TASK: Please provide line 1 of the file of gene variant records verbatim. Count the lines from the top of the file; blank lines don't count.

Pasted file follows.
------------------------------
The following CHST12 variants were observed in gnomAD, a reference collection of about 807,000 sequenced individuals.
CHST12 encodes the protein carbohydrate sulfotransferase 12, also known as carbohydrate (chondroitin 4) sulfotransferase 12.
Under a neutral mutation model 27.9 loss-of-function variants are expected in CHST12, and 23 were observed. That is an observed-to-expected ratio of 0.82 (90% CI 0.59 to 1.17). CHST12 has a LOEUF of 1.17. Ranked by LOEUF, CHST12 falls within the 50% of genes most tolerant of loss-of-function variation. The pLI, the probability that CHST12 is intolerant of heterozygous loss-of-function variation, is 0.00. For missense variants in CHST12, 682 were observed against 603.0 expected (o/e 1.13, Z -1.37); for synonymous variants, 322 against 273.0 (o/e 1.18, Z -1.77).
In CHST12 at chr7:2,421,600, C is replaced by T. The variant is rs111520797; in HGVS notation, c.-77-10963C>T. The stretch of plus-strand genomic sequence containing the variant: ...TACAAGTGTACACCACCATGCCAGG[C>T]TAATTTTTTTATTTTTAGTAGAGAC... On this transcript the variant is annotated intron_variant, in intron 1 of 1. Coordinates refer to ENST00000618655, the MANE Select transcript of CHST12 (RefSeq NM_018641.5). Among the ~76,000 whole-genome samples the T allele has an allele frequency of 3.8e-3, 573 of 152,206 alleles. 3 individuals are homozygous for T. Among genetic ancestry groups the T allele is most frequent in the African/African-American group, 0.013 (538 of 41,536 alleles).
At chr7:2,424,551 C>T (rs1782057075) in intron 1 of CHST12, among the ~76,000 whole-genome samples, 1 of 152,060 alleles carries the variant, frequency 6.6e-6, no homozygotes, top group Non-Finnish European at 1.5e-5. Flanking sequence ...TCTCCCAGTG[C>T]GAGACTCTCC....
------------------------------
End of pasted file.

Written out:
The following CHST12 variants were observed in gnomAD, a reference collection of about 807,000 sequenced individuals.